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I've seen the first blue bird of spring.

It has eyes that burn white, nostrils the size of basketballs, and a song like King Kong snorting jalapeno peppers. Upon closer inspection it's a Blue Pearl-coated, 6.4-liter, 2015 Dodge Challenger Scat Pack with a shaker hood scoop. But its April sighting is just as refreshing.

Congratulations, Detroiters, our tribe has survived another Arctic winter, the thaw has come, and muscle cars are awakening from their loooong hibernation. Right on cue, Dodge is bringing another variation of its wicked Challenger lineup. Dodge, of course, is the King of Muscle cars these days, sporting more sinew than any other pony car in history.

The flock is led by the insane, 707-horspower SRT Hellcat, a car that sprints the quarter mile as fast as a Lamborghini Diablo. I cruised the Woodward Dream Cruise in a brooding, gray model last year, the monster under its hood betrayed only by the tiny, side-mounted Hellcat logo and three hood scoops rather than the twin openings found on its V-8 R/T brothers.

The Scat Pack Shaker is for muscle car enthusiasts who find the Hellcat too subtle.

The shaker rises out of the hood like a cobra summoned from a snake charmer's basket. Carbon black racing stripes stretch nose to tail. A black splitter curls along the Challenger's chin like Beelzebub's beard. Turn the key and wake the dead.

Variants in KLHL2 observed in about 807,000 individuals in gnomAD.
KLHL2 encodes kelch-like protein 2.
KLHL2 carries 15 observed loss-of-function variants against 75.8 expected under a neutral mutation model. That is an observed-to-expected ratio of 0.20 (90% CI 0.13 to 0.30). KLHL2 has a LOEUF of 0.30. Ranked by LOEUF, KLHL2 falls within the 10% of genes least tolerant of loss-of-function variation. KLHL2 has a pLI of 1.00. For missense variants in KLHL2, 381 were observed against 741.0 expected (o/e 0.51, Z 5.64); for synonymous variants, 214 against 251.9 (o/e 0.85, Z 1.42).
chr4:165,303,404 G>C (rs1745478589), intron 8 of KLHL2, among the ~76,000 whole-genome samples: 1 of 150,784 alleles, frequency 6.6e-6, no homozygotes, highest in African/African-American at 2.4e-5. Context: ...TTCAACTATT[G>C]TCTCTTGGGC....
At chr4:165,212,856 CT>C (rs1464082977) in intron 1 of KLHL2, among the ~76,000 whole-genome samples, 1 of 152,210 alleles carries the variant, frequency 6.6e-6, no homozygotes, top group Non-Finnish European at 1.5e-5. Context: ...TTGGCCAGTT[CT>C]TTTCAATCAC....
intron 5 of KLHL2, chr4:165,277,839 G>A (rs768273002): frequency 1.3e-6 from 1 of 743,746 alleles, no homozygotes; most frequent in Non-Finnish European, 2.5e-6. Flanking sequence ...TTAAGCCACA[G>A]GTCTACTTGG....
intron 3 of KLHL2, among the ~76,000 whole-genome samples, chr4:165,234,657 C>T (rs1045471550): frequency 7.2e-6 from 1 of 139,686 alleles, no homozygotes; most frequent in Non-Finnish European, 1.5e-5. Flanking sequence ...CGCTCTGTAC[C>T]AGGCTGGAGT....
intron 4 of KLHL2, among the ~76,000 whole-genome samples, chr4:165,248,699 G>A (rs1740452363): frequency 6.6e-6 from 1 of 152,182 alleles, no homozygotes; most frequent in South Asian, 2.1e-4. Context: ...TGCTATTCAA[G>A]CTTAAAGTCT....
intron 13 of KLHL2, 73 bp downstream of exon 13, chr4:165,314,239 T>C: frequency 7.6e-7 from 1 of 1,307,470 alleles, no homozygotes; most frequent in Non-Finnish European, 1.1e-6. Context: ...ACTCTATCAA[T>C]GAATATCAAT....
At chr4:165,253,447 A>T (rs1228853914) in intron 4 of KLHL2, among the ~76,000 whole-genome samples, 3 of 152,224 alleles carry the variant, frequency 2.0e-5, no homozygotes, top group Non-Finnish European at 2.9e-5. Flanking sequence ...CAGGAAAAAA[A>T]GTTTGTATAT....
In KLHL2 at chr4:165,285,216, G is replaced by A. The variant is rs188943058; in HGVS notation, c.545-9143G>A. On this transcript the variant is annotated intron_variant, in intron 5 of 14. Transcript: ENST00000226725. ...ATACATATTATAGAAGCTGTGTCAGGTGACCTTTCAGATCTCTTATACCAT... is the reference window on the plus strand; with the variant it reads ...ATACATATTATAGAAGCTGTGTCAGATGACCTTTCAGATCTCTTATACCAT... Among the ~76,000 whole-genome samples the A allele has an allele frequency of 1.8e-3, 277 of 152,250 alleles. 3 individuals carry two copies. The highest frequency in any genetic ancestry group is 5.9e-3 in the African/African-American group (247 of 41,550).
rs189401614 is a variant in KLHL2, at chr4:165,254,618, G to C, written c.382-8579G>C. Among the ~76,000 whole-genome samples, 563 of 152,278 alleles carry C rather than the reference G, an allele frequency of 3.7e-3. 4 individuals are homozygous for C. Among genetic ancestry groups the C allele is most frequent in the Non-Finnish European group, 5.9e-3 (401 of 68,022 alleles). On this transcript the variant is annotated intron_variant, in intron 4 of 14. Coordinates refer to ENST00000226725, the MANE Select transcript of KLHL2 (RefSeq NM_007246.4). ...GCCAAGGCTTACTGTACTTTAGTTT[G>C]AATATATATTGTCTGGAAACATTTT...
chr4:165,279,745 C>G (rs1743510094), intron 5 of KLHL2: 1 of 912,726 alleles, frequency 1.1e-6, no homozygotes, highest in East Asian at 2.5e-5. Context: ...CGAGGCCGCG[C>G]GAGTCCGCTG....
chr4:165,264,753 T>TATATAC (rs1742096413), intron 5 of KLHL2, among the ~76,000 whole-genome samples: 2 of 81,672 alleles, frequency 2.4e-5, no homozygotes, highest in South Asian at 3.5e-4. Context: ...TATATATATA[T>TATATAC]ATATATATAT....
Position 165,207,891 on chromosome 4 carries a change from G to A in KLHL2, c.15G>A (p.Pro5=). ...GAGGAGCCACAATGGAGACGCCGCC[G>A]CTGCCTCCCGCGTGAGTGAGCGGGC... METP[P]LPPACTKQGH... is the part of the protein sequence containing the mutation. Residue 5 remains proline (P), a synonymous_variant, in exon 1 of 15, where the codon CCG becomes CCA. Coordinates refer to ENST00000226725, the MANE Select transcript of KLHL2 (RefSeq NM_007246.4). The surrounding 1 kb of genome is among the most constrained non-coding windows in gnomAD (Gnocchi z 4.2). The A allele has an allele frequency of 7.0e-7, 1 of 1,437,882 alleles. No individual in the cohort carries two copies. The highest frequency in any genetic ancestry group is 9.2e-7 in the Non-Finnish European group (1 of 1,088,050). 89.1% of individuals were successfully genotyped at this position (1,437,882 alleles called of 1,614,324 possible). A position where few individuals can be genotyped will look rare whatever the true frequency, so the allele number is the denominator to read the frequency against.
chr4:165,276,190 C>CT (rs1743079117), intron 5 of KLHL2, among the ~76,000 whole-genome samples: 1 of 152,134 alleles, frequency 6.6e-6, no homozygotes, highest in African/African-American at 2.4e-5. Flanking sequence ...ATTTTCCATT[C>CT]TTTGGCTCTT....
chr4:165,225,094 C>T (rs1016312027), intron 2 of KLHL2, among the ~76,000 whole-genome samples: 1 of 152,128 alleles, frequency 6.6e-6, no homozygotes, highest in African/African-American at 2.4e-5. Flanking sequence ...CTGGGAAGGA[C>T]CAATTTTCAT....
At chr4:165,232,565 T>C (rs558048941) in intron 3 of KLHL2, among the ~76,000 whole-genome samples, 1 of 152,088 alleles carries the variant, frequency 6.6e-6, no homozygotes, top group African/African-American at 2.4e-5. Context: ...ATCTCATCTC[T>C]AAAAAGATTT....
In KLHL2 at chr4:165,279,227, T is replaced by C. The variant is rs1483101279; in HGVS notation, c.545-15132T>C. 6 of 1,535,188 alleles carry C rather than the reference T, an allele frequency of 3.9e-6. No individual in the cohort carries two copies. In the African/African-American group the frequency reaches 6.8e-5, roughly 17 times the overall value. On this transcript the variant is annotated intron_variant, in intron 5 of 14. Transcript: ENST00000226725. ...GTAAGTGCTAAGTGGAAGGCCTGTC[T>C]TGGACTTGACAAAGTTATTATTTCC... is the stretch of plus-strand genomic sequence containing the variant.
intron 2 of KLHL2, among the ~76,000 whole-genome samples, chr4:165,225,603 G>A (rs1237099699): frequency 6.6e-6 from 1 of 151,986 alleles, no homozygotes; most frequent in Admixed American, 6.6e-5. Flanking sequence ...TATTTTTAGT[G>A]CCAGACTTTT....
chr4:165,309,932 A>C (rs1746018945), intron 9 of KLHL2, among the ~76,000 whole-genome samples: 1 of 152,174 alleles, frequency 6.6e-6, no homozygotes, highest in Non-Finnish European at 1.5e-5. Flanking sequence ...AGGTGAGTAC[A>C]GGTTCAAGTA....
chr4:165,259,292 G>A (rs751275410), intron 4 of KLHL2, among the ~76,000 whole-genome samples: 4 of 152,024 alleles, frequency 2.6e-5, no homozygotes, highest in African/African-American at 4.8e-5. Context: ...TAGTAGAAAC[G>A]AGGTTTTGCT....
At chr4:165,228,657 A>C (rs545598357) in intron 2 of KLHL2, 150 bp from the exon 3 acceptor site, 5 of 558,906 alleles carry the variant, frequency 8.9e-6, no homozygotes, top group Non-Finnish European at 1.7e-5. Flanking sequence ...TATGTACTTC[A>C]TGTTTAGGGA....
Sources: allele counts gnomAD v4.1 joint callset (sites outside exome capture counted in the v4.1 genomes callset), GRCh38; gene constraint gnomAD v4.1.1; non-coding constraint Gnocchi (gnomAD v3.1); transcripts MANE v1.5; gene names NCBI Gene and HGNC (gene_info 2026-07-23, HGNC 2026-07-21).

I rumbled down my neighborhood street in the Shaker on a sunny April Saturday and kids came out of their homes like Dickens orphans who had just seen an ice cream truck. This car should be an amusement park ride at Cedar Point. I buckled in four boys and they were shrieking with joy before I was even out of the cul-de-sac. By the time we hit Telegraph Road they were chanting a chorus of "BURNOUT! BURNOUT!" I laid a 50-foot rubber patch out of a stoplight and it was bedlam. Eight cylinders and four kids roaring at the top of their lungs.

Ah, spring.

But it's not just the kids that come running at the sight of this blue bird. This beauty is a cop magnet. In a good way. Not one but two police buddies took turns behind the wheel. Want to see a Challenger driven hard? Give it to men in uniform who have taken hours of pursuit training in Dodge muscle cars. These boys can drive. Foot-through-the-floor, lightning-shift, tire-smoking confidence behind the wheel.

I'm sorry, officer, but I'll have to ask you to get out of the car.

I cruised the Woodward strip on a glorious Saturday Night. Everyone was there. Camaro ZL1s, Corvette C7s, Pontiac GTOs, Mustang GTs. The Blue Pearl Shaker still stood out. The boys at Detroit Area Modern Mopar club flagged me down as I drove by their Dairy Mat hangout.

They know what this bad boy represents.

The Scat Pack Shaker is muscle car legend after all. When the original Challenger debuted in 1968 to dropped jaws, Dodge promoted the Scat Cat Club featuring a newsletter (for Gen Yers that's like a blog but on paper) – so owners could share their Dodge muscle tips. The Scat Pack even had its own logo — a hot-rodding bee on wheels — which members proudly displayed in their rear windows. When Dodge CEO Tim Kuniskis unveiled the remade Challenger in 2014, he not only introduced the world to the ferocious Hellcat — he re-introduced the Scat Pack legend, complete with updated logo.